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Figure 3: Defective autophagosome formation in Irf8-/- MΦs(a) LC3 vesicles were visualized in WT and Irf8-/- MΦs expressing mCherry-EGFP-LC3 vector, without (UT) or with IFNγ/TLR stimulation for 8 h. Bafilomycin A1 (200 nM) was added for final 2 h. Cells were counterstained for DNA (blue). The scale bar: 20 μm. Below: The number of cells with more than five mCherry-positive vesicles was counted by microscopic inspection of more than 200 cells. The values represent the percentage of cells with fluorescent vesicles. **p-value ≤0.01 (Student's t-test). See Supplementary Fig. 3a for endogenous staining of LC3.(b) WT and Irf8-/- MΦs treated with IFNγ overnight followed by TLR ligands for 8 h was inspected by transmission electron microscopy. The bracketed region in the left panel was enlarged in the right panel. Arrows indicate autophagic vacuoles. The scale bar: 0.5 μm.(c) Reduced LC3I to LC3II conversion in Irf8-/- MΦs. WT and Irf8-/- MΦs were treated with IFNγ/TLR as above with bafilomycin A1 (200 nM) treatment for the final 2 h. Immunoblot analysis was performed with 10 μg of extracts with β-Tubulin as a control. Right panel: The amounts of LC3II in three independent samples were quantified using the ImageJ software. *p-value ≤0.05 and **p-value ≤0.01(Student's t-test). See Supplementary Fig. 3b for LC3 amount in the absence of bafilomycin A1.(d) Membrane bound LC3 in WT and Irf8-/- MΦs treated with IFNγ/TLR was detected by flow cytometry. Bafilomycin A1 (200 nM) was added for the final 2 h and. The histogram is a representative of three independent experiments. BA1: Bafilomycin A1. See Supplementary Fig. 3c for LC3 amount in the absence of bafilomycin A1.(e) Immunoblot detection of ATG5-ATG12 conjugate. WT and Irf8-/- MΦs were treated as above and immunoblot detection of ATG5-ATG12 conjugate proteins was performed. Ten microgram of extracts was tested with antibody against ATG5 or β-Tubulin.
Mentions: To test whether defective gene expression in Irf8-/- MΦs affects autophagic functions, we next examined autophagosome formation in MΦs expressing mCherry-EGFP-LC3B (Fig. 3a). This vector detects acid sensitive (EGFP) and resistant (mCherry) LC3, enabling us to assess the formation of autophagosomes and the subsequent fusion with lysosomes34. Before stimulation, GFP and mCherry signals were diffusely distributed over the cytoplasm both in WT and Irf8-/- MΦs. After IFNγ/TLR stimulation, GFP and mCherry signals relocalized to form prominent punctate structures representing autophagosomal vesicles in WT cells (see arrows in Fig. 3a). In contrast, few fluorescent vesicles were seen in Irf8-/- MΦs. Quantification in Fig. 3a (lower panel) confirmed that the number of cells with fluorescent vesicles was much fewer in Irf8-/- MΦs. Deficiency in Irf8-/- MΦs to form LC3 vesicles was also evident with endogenous LC3 (Supplementary Fig. 3a). Electron microscopy analysis additionally showed a noticeable increase in autophagic vesicles in stimulated WT MΦs, but not in Irf8-/- MΦs (Fig. 3b, right panel)35. Immunoblot analysis was performed to assess phosphatidylethalamine conjugation of LC3 as detected by changes in LC3I and LC3II levels36. Cells were treated with bafilomycin A1 to block fusion of autophagosomes to lysosomes36. Data in Fig. 3c (right panel) showed the amounts of LC3II increased in WT MΦs after IFNγ/TLR stimulation. LC3II levels were significantly lower in Irf8-/- MΦs before stimulation and did not measurably increase after simulation, as confirmed by quantification (Fig. 3c, right panel). Flow cytometric analysis to detect membrane bound LC3 further validate these result, in that LC3 signals increased after stimulation in WT MΦs. However, LC3 levels were lower in Irf8-/- MΦs before stimulation and remained low after stimulation (Fig. 3d)37. To ascertain whether IRF8 has a role in autophagosome-lysosome fusion and lysosomal clearance, immunoblot and flow cytometry assays were performed in the absence of bafilomycin A1 (Supplementary Fig. 3b,c)36. In WT MΦs, the amounts of LC3 hardly increased after stimulation, suggesting lysosomal turnover of LC3. On the other hand, LC3 levels were again lower in Irf8-/- MΦs and the amounts were unchanged after stimulation. These data support the notion that IRF8 plays a role in autophagosome formation, and subsequent autophagolysosome formation and function in IFNγ/TLR induced autophagy. Further supporting the role of IRF8 in autophagosome formation, the amounts of Atg5-Atg12 complex increased in WT MΦs, but not in Irf8-/- MΦs upon IFNγ/TLR stimulation (Fig. 3e).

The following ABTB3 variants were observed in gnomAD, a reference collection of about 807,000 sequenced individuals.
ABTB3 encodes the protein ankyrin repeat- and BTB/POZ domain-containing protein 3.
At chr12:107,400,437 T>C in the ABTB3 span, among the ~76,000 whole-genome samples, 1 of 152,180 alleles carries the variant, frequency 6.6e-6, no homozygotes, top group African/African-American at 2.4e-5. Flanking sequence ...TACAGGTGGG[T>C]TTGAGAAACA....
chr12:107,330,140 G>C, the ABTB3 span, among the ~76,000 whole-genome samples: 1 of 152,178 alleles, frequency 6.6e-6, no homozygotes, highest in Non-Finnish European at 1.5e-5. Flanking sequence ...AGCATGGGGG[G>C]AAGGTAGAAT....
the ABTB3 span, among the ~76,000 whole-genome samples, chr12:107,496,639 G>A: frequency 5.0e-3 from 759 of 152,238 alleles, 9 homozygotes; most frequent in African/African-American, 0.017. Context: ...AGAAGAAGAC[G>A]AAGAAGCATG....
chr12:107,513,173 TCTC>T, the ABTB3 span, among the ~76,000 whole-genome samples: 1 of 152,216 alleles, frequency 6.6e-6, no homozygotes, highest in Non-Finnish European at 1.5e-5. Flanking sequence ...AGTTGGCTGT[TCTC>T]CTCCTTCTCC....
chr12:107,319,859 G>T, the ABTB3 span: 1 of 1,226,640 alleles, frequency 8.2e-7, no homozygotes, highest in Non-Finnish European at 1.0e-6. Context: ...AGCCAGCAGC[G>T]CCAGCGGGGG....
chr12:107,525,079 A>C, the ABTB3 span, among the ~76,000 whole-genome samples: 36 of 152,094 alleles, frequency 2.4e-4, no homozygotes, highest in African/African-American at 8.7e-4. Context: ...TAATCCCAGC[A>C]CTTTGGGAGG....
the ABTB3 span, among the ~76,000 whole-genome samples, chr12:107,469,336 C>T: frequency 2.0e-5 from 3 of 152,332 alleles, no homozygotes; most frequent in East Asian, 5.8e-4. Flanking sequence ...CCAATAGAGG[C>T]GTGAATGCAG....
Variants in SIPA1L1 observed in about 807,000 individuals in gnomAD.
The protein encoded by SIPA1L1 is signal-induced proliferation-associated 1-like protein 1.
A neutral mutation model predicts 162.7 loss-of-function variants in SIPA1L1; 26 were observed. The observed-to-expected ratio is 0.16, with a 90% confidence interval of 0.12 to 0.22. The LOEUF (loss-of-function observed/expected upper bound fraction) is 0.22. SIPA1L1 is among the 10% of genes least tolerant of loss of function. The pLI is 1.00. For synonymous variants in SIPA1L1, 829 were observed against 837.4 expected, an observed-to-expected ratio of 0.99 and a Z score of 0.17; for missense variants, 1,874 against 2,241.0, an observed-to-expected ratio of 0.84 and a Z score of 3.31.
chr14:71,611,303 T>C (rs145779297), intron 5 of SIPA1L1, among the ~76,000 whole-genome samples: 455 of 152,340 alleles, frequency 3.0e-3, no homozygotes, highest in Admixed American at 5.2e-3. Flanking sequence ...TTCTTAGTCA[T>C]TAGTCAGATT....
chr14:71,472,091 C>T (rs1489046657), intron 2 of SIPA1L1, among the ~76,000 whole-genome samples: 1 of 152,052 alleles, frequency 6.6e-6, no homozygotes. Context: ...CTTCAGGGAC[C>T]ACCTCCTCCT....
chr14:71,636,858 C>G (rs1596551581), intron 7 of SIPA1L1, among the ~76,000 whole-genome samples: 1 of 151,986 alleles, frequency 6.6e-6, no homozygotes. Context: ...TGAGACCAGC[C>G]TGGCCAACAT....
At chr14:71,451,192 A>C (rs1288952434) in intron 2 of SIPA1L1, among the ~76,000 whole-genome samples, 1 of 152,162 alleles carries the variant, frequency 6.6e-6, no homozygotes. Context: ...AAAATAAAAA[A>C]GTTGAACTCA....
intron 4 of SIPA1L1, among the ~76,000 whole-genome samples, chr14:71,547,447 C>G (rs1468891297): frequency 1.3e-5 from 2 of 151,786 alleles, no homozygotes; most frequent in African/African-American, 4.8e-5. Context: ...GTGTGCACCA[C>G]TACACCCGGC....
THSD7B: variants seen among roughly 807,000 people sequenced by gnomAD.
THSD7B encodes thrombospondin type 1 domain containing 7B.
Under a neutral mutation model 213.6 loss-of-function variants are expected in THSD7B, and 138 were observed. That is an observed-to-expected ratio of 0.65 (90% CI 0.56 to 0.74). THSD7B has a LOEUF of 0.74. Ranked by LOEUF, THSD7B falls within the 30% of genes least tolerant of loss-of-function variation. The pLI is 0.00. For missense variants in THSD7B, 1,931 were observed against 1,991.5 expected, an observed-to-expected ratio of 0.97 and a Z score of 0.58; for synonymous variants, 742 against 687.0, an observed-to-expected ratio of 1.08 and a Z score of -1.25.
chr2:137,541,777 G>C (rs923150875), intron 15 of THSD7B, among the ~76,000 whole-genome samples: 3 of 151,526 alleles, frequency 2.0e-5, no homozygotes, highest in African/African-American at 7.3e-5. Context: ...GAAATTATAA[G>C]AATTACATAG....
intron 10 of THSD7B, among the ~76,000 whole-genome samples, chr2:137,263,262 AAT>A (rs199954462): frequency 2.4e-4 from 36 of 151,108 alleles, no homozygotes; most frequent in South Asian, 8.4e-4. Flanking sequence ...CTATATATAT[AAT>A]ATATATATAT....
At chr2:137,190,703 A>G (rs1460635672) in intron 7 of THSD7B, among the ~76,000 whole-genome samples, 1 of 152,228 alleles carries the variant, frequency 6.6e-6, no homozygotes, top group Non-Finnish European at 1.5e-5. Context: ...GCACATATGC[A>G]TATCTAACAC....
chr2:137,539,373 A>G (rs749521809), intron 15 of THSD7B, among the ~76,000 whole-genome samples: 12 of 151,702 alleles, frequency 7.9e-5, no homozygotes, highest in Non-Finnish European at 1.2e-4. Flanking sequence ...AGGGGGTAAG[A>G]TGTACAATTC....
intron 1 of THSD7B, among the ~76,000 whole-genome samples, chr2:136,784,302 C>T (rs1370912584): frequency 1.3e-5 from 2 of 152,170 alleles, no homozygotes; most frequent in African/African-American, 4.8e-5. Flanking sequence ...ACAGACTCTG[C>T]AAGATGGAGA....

Bottom Line: Autophagy, activated by many stresses, plays a critical role in innate immune responses.Here we show that interferon regulatory factor 8 (IRF8) is required for the expression of autophagy-related genes in dendritic cells.IRF8 directly activates many genes involved in various steps of autophagy, promoting autophagosome formation and lysosomal fusion.

View Article: PubMed Central - PubMed

Affiliation: Program in Genomics of Differentiation, NICHD, National Institutes of Health, Bethesda, Maryland 20892, USA.

ABSTRACT
Autophagy, activated by many stresses, plays a critical role in innate immune responses. Here we show that interferon regulatory factor 8 (IRF8) is required for the expression of autophagy-related genes in dendritic cells. Furthermore in macrophages, IRF8 is induced by multiple autophagy-inducing stresses, including IFNγ and Toll-like receptor stimulation, bacterial infection, starvation and by macrophage colony-stimulating factor. IRF8 directly activates many genes involved in various steps of autophagy, promoting autophagosome formation and lysosomal fusion. Consequently, Irf8(-/-) macrophages are deficient in autophagic activity, and excessively accumulate SQSTM1 and ubiquitin-bound proteins. We show that clearance of Listeria monocytogenes in macrophages requires IRF8-dependent activation of autophagy genes and subsequent autophagic capturing and degradation of Listeria antigens. These processes are defective in Irf8(-/-) macrophages where uninhibited bacterial growth ensues. Together these data suggest that IRF8 is a major autophagy regulator in macrophages, essential for macrophage maturation, survival and innate immune responses.

Show MeSH
Related in: MedlinePlus